Aug. Tief atmet man durch, wenn man dieses Buch ausgelesen hat, und man hat schon zuvor etliche Male tief Luft holen müssen. “Atemschaukel” ist. Atemschaukel [Herta Muller] on *FREE* shipping on qualifying offers. Written by Nobel Prize winner Herta Mueller, this critically acclaimed . PDF | My paper elaborates Herta Müller’s Gulag novel, Atemschaukel (; published in English under the title of The Hunger Angel in ).

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This book is about nothing less than the human soul. That it comes in addition to the hunger you already feel. The prisoners of the concentration camp here are ethnic Germans from Romania, taken and deported to the Soviet Union after the end of the Second World War.

The Hunger Angel German: All men and women between seventeen and forty-five years of age were deported to forced-labor camps in the Soviet Union. She cannot labour, or atemscahukel “what a quota is, or a command, or a punishment”.

The faster I tried to leave the well, the slower I went.

To read it merely as an account of life in the Gulag would be too limiting. Atemachaukel is a hard and unsettling lecture, she is not making it easy for the reader.

Her portrait of Kati Sentry, “born feebleminded” and with the stature of a child, is overwhelming in its haunting power. View all 6 comments. She has given Leo the language to express the inexpressible, as hunger sharpens his senses into an acuity that is both hallucinatory and profound.

Or perhaps he is pushed. This is, there are no two ways about it, a great novel. I swallowed my spit with the evening smoke and thought about bratwurst. Also in this case, the experiences of a 17 year old Romanian German, which at the beginning of is arrested by the Soviets and transported to a camp, deep in Russia or Ukraineto do forced labour. Thus, as a vehicle I rarely read fiction but this one sparked my interest given its subject material. He is the narrator and through his often bewildered and sometimes stoic eyes, we see the lives around him crumbling, fading away.


It had some impressive moments, some images that caused my stomach to lurch in surprise and I have to give Muller credit for the unique style of this novel. Jun 20, Jim Fonseca rated it really liked it. Furthermore there wasn’t any continuity in the story which made it difficult for the reader to gain an appreciation for life in a labour camp.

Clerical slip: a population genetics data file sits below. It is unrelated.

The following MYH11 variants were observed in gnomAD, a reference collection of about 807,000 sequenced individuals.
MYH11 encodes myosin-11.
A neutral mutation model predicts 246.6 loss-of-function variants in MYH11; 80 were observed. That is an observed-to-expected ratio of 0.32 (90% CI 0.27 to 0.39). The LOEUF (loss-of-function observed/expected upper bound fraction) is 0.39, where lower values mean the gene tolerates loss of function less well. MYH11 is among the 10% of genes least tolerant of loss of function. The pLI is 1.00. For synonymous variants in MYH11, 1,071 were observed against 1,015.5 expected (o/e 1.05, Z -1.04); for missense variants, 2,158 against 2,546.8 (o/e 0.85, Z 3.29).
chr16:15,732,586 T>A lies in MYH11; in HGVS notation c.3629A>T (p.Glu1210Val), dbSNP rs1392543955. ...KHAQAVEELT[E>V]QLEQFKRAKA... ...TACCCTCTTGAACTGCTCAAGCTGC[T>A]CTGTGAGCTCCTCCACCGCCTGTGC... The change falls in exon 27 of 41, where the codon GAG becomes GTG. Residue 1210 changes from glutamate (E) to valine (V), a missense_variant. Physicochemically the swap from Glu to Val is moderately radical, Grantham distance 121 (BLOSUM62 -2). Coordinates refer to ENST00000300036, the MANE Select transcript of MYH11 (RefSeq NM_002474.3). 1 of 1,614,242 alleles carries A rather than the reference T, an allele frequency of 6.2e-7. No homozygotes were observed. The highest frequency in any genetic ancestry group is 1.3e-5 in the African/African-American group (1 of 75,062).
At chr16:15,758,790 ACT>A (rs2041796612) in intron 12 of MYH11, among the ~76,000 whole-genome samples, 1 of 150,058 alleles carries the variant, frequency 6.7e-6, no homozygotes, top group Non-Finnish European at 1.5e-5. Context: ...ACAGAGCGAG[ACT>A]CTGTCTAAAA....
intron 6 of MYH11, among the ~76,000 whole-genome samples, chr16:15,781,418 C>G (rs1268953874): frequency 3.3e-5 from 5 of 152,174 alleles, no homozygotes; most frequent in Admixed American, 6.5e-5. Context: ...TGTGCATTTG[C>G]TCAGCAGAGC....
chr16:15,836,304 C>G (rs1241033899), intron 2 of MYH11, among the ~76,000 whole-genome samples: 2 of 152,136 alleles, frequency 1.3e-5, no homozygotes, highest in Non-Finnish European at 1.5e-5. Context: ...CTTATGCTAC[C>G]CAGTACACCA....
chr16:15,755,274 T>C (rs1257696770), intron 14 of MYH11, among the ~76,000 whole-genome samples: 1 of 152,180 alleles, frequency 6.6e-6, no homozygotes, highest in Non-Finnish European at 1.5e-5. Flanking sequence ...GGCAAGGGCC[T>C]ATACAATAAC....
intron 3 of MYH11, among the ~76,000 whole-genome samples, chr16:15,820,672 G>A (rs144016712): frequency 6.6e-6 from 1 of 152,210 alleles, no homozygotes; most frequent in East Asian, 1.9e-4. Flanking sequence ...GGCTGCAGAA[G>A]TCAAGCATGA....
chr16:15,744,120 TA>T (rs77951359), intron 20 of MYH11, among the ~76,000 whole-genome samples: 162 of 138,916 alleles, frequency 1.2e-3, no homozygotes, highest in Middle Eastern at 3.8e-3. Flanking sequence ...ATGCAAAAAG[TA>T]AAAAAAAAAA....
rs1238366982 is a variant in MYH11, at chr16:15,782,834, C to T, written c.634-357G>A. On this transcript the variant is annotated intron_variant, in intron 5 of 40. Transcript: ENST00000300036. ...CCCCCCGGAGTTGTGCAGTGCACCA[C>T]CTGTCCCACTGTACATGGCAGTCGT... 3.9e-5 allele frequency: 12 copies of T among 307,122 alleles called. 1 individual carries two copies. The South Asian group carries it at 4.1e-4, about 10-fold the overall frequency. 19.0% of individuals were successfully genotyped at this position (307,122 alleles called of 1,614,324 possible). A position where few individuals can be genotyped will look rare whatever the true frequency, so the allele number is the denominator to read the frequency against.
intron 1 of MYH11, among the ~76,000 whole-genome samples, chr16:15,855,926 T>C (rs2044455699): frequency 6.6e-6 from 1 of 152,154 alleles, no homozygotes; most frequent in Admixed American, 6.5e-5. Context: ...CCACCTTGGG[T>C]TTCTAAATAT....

If they knew he was gay, he would have gone to a different camp, a shorter stay, and So, I started reading this book and it was just one of those One Day in the Life of …… kind of Russian Gulag books, and not much of one, really, as these things go, although it promised to be different because Leo Auberg is Transylvanian, a German transplant if you will.

The fact that Atwmschaukel, someone whose life has been as far from Gulag survivor as they come, can, after reading this book, not see that image as weird and inconsequential, but layered with all of the pathos, dignity, gruesomeness, rightness, irony, and beauty that the author intended, says much about not only Muller’s gifts as a writer and Philip Boehm’s gifts as a translator, but also about what this medium of fiction is and can This book ends with a grown man dancing with a raisin.

It is with him always, mkler is no escape.


love german books: Herta Müller: Atemschaukel/Everything I Own

This is a part of European history which is not often examined, but it is not about history, it is about the existential night of people seized out of their own lives and put into the limbo world of camp life. Initially, she made a herga by teaching kindergarten and giving private German lessons.

However, it soon got just a little bit too idiosyncratic, and the second half felt somewhat inferior in that it seems deliberately quirky and whimsical and, in the long run, annoying. Instead, because of his German ethnicity, his name is on a list anyway, and he is to be deported to a forced-labour camp.

Even when something does affect me I’m only moderately moved. What can be said about chronic hunger. There’s no such word in Russian, doesn’t even sound like one.

The Hunger Angel by Herta Müller – review

It was all too depressing. How he starved is given particular depth and resonance.

It is a depiction of the persecution of ethnic Germans in Romania by the Stalinist regime of the Soviet Unionand deals with the deportation of Romanian Germans to the Soviet Union for forced heeta by Soviet occupying forces during and after The novel tells the story of a youth from Sibiu in TransylvaniaLeo Auberg, who is deported at the age of 17 to a Soviet forced labor concentration camp in Nowo-Gorlowka NovogorlovkaUkrainenow incorporated in Gorlovka and spends five years of his life there.

Mloer 18, Kristin E.